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Posted by on February 1, 2014 in Uncategorized

 

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The Sunshine Award. (7 degrees of separation)…

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I’m delighted to say that I’ve just received another blogger award.
This time it’s the Sunshine Award, presented to me by Lanthie at Life Cherries and as usual it comes with some pass-on-the-award-to-other-people-and-give-some-facts-about-yourself type rules.
But if you’re a regular reader then you’ll know that I try and do something a little more interesting with my nominations, so with that in mind jet me introduce you to my new award.

All seven people nominated are of course automatically recipients of the Sunshine Award, but in addition they will receive my brand new accolade. (along with bespoke Ho artwork)

Ladies and gentlemen, I give you the Tenuous Lynx Award.

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Here’s the idea. We all know we can connect ourselves with each other via six degrees of separation but I thought I’d go one better and connect the seven blogs I’m nominating for my newly minted award by seven degrees, all via stuff I like, thereby giving you that all-important insight.

Just because, alright?

(It would please me greatly if you attempt something similar when you pass it on to whomever you choose, but feel free to just bestow the Sunshine upon them if you so wish)

Let us begin…

☆★☆★☆★☆
Life Cherries gave me the award.
Cherries have stones.
The Rolling Stones recorded a song called Mother’s Little Helper, about housewives getting pills from their doctor.

The Doctor is soon to be played by John Hurt in the 50th anniversary episode of Dr Who and he was also in classic sci-fi horror masterpiece, Alien
4º …the second sequel of which stars a host of British actors, including Charles Dance.
5º Charles now stars in the TV adaptation of George R.R.Martin‘s brilliant Game of Thrones.
6º Game of Thrones has a plotline involving dragons..
…bringing me to my first nominee, windhound’s colorful and experimental Dragon Shades blog, featuring beautiful abstract digital art and photography.

☆★☆★☆★☆
Dragon Shades brings colour to life.
Living Colour were a heavy rock band from the late ’80s who I once saw at Reading Festival.

The Ballad of Reading Gaol is a poem by Oscar Wilde.
Wilde was played by Stephen Fry in the film of his life.

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Stephen Fry – Wilde man.

Fry used to be in a double act with Hugh Laurie.
Laurie has found fame in America both through his music and as the unconventional doctor in the title role of House.
House Music is often accompanied by elaborate computer graphics and digital video effects.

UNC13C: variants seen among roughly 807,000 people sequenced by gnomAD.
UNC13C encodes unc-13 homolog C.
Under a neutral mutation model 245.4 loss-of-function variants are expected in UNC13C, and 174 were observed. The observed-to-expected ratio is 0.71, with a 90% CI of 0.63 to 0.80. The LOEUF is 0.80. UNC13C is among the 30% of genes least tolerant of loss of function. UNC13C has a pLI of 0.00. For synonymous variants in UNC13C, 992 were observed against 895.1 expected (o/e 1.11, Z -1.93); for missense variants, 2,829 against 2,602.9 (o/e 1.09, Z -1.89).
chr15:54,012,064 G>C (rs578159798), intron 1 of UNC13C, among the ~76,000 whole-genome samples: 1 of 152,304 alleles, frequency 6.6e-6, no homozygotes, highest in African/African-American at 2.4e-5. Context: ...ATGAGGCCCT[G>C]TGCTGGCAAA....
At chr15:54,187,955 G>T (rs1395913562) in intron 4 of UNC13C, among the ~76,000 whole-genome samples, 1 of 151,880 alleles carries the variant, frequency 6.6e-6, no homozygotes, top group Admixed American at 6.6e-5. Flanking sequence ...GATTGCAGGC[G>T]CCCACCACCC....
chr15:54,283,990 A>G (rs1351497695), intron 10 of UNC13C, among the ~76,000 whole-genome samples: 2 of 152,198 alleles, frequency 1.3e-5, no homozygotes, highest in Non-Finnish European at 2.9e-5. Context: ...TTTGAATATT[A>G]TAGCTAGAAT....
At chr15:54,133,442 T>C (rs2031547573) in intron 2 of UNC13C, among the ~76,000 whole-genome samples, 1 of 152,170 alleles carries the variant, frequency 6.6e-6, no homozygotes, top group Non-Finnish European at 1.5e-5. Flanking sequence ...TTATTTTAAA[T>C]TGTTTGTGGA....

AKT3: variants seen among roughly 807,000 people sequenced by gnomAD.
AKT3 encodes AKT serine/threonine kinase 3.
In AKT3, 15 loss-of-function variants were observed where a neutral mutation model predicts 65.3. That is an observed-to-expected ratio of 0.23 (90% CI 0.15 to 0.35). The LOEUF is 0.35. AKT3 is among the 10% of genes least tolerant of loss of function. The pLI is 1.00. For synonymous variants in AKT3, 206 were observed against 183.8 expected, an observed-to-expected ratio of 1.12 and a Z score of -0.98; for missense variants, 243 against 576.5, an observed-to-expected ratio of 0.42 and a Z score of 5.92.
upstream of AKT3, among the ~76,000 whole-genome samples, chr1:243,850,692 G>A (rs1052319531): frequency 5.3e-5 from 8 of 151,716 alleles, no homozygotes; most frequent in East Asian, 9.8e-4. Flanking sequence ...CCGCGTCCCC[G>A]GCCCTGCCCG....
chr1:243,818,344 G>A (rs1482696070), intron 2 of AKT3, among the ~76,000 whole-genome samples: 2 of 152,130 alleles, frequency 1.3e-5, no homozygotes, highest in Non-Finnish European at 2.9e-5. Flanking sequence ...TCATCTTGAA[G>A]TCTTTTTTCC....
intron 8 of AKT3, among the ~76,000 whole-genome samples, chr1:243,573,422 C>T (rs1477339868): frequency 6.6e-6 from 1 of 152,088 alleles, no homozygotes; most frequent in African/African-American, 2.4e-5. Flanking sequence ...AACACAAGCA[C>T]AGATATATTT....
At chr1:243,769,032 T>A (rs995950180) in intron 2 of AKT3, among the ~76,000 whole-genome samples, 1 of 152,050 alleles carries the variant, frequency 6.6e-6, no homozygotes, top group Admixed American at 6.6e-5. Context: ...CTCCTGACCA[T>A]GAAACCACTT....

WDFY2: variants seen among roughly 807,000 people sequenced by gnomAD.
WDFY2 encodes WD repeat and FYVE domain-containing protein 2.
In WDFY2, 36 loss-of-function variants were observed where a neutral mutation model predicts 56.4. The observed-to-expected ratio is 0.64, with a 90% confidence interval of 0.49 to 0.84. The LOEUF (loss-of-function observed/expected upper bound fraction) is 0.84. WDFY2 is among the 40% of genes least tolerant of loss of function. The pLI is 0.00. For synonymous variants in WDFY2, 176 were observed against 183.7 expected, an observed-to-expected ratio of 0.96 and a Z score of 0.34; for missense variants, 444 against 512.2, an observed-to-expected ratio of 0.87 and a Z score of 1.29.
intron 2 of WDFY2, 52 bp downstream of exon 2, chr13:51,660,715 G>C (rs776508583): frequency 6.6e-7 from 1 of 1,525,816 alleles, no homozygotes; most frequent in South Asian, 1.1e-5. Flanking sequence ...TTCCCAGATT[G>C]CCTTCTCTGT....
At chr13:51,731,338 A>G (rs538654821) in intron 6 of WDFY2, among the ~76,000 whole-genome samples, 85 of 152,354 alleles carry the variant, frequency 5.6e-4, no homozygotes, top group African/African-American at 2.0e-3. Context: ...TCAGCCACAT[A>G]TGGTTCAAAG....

Which are just the sort of things that are on display on the blog of my second nominee, Waking Spirals.

☆★☆★☆★☆
Waking Spirals combines cutting edge art with literary quotes and philosophical musings…
…as does Waking Life, the extraordinary film by Richard Linklater who also made A Scanner Darkly.
Scanners is a film by David Cronenberg who also made disturbing dystopian hi-tech nightmare Videodrome, starring Debbie Harry
..who was in Blondie.

Blondie began their career at CBGB, along with other punk legends The Ramones and Talking Heads.
Talking Heads made my favourite concert film of all time, Stop Making Sense..
…during which David Byrne wears a giant white suit…
..and what do you have in the back of a suit?
A Vent, that’s what. Which is what Ron calls his blog, and he’s nominee number 3.
Check out his take on life in the big city, it’s faaabuuloso.

☆★☆★☆★☆
A vent is something you would use to release air.
Air are a French electronica band whose first single was the sublime Sexy Boy

…from the album Moon Safari and when the Apollo 11 mission went to the moon they planted a flag.
Flagg is a character in many Stephen King novels including The Stand, many of which contain monsters..
…and Stand is a song by R.E.M.
..who recorded an album called Monster.
6º  They also had a massive hit with Everybody hurts.
And what do you have if everybody hurts?
A World Of Pain, that’s what. Adam’s blog is funny, clever, thought provoking and occasionally mischievous. Go and take a look, you won’t regret it.

☆★☆★☆★☆
A World Of Pain’s Golden Face Palms are raising a lot of dough for cancer charities.
Dough is what bread is made of and Pain is the French for bread.
Pizza is also a dough and Pizzaman is one of the many aliases of Fat Boy Slim.

Fat Boy Slim’s real name is Quentin and Christopher Walken appeared in one of his videos.
Walken also appears in another Quentin‘s film, Tarantino‘s Pulp Fiction.
Tarantino’s films frequently contain prolonged shoot-outs, much like those favoured by Simon Pegg and Nick Frost in Spaced.